• Kyrie

Crossbow vs. Gambeson armor. Who will win?

Updated: 7 hours ago

Is it plausible that the character of my Enemy's Keeper series, wearing a gambeson, survives the one crossbow wound he suffers? Let's find out.

(P.S. The character is never named, so no spoilers in this post)


What's a historical fantasy adventure if no one wielded weapons or got hurt? And yet, if I don't want my character to die, I had better make sure the wound is survivable.


Thankfully, there are live Youtube demos!

I was delighted to find this video from Tod's Workshop. Tod crafts his own medieval weapons and demonstrates how they work against the armor available at the time. Truly a talented man!





Above, you see how a plate-cutter arrow, fired by a 350lb draw-weight crossbow, simply bounces off a gambeson. The wearer may have a few broken ribs, but he will survive. The gambeson is composed of around 32 layers of washed linen. (I will never look at my bed linen the same way again...)


Draw-weight, by the way, is the amount of force required to pull the bowstring back. The higher the draw weight, the more powerful and deadly the bow.


Tod's channel also introduced me to different ways a crossbow can be loaded, or "spanned". In general, as the methods became more involved, the power of the cross-bow increased, but so did the time it took to reload the crossbow. And no one wants to waste time during a battle!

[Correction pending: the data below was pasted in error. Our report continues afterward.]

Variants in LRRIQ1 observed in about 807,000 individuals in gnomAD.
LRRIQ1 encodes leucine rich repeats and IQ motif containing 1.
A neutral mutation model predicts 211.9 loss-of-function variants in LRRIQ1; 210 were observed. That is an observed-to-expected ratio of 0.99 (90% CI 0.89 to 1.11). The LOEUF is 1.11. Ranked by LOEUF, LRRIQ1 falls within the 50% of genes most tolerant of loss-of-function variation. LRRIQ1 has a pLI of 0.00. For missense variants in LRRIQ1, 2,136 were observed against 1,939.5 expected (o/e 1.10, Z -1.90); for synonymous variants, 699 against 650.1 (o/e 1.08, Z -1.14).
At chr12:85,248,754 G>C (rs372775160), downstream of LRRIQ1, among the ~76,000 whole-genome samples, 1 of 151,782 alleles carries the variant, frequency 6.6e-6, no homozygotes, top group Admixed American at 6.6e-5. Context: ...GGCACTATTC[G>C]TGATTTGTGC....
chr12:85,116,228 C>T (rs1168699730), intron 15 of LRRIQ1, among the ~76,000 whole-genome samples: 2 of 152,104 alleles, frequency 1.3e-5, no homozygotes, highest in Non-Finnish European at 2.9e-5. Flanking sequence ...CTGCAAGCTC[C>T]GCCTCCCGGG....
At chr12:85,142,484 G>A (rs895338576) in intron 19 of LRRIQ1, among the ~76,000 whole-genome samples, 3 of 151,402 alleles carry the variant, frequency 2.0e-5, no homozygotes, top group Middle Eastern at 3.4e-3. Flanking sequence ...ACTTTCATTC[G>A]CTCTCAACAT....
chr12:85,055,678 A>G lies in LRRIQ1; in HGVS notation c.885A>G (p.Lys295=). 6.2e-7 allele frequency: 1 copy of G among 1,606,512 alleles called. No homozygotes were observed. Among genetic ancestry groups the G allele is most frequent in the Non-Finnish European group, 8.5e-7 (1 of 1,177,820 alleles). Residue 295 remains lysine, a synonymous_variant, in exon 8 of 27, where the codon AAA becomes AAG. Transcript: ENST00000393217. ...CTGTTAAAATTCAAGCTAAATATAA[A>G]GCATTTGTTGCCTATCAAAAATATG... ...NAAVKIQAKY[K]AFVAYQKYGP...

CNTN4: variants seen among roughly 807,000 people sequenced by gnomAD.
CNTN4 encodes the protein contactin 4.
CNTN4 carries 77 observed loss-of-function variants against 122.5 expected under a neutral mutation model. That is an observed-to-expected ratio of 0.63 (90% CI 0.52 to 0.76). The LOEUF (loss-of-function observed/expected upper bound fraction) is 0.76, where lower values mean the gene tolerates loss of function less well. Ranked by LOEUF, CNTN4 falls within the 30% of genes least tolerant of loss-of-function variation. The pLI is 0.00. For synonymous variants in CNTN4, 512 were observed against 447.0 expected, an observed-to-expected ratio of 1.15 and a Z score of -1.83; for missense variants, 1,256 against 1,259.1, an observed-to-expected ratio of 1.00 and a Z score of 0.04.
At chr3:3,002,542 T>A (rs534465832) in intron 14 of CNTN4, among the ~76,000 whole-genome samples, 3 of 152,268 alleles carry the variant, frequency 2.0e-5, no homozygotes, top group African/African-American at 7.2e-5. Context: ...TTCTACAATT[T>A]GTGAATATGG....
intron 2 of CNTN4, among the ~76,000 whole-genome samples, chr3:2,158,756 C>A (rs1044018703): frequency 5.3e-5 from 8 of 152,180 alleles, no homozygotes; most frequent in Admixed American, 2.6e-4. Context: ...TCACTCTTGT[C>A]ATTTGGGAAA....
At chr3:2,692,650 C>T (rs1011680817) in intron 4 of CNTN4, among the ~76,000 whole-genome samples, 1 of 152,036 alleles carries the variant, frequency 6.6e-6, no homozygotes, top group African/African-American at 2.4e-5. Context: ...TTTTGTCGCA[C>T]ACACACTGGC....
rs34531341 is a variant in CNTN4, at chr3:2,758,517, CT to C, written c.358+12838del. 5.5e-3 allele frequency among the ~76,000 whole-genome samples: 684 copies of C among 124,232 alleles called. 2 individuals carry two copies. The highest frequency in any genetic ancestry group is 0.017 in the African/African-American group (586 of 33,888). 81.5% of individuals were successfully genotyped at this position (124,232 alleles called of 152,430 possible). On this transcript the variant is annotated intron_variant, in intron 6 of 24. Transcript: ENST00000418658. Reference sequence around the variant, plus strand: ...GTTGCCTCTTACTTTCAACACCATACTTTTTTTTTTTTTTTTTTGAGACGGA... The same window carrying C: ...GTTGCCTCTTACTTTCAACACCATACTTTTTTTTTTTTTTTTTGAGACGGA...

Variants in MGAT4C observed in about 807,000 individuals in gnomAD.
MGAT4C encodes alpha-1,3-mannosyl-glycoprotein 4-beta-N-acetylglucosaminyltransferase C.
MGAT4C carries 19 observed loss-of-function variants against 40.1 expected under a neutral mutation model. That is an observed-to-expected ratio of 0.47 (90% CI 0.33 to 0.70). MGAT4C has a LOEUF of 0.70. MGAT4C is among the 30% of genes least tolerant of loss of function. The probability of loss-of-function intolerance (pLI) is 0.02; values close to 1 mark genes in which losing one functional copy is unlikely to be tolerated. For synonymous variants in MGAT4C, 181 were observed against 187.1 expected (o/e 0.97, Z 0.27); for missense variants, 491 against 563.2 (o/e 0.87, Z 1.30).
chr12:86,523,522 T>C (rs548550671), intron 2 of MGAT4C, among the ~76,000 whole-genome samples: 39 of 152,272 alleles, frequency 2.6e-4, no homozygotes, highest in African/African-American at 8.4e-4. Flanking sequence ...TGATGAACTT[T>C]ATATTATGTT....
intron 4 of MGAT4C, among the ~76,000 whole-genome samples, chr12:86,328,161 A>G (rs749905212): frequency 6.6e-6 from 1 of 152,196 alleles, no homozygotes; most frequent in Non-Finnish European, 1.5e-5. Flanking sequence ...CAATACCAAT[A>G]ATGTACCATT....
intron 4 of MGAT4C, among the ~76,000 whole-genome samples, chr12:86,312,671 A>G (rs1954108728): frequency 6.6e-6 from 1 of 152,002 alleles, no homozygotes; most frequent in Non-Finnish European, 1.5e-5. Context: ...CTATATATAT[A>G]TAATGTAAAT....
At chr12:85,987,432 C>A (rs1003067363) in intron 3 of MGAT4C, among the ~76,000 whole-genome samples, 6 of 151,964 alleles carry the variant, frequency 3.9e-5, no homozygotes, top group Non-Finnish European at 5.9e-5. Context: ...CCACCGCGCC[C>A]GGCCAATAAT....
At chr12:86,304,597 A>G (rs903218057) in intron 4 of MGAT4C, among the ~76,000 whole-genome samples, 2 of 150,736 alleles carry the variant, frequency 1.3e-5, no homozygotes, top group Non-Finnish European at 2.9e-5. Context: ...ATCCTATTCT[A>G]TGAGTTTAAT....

The simplest way of loading a crossbow is called hand spanning. The Max Draw is 150lbs (the number didn't get to appear in the screenshot). As a bonus, it works your abs...


But there were plenty of other ways to load a crossbow, and the draw-weight can get impressively high! Watch Todd's video as he demonstrates the different ways, or check out this blog post for illustrations.


Below left: a Norman man (check out that unique haircut!) spanning a crossbow by foot. Note that this early crossbow lacks the stirrup, or the metal hoop, at the end of the crossbow to facilitate loading.


Below right: another man uses a windlass.



So, what about the character in my book who gets shot? Is it plausible that he not only survived, but managed to escape a predicament? Let's first investigate the draw-weight of an 11th-century crossbow.


Page 68 of The Crossbow by Mike Loads describes a crossbow from the 1200's which has a draw-weight of only 80lbs. There's good reason to believe the Vasfians crossbows in my Enemy's Keeper series (which take place in the 11th century) had a similar draw-weight.


Of note, I never mention the Vasfian warriors using a windlass or their feet to load their crossbows because they didn't. They used the hand span method, which is a very fast way to reload arrows but did not allow for a high draw-weight.




All this to say, it is entirely plausible that my character survived getting shot in his particular situation; he was wearing a gambeson and the crossbow's draw-weight was low. The wound inflicted would have been superficial and the blood loss minimal, which is what I describe in my book, Enemy's Keeper -Forbidden Ties (Enemy's Keeper series book 1).


In the next blog post (now available), I will discuss why even hanging upside down for 16 hours on top of getting shot doesn't kill him. I will draw from my experience as a physician trained to do autopsies (a pathologist), cite forensic medical literature, and discuss the real life tragedy of a man who died upside down.


Overall, the human body is simply very good at... surviving.


Not only is that handy in fiction, but it's also great in real life!


What's your favorite medieval weapon? Comment and let me know!






























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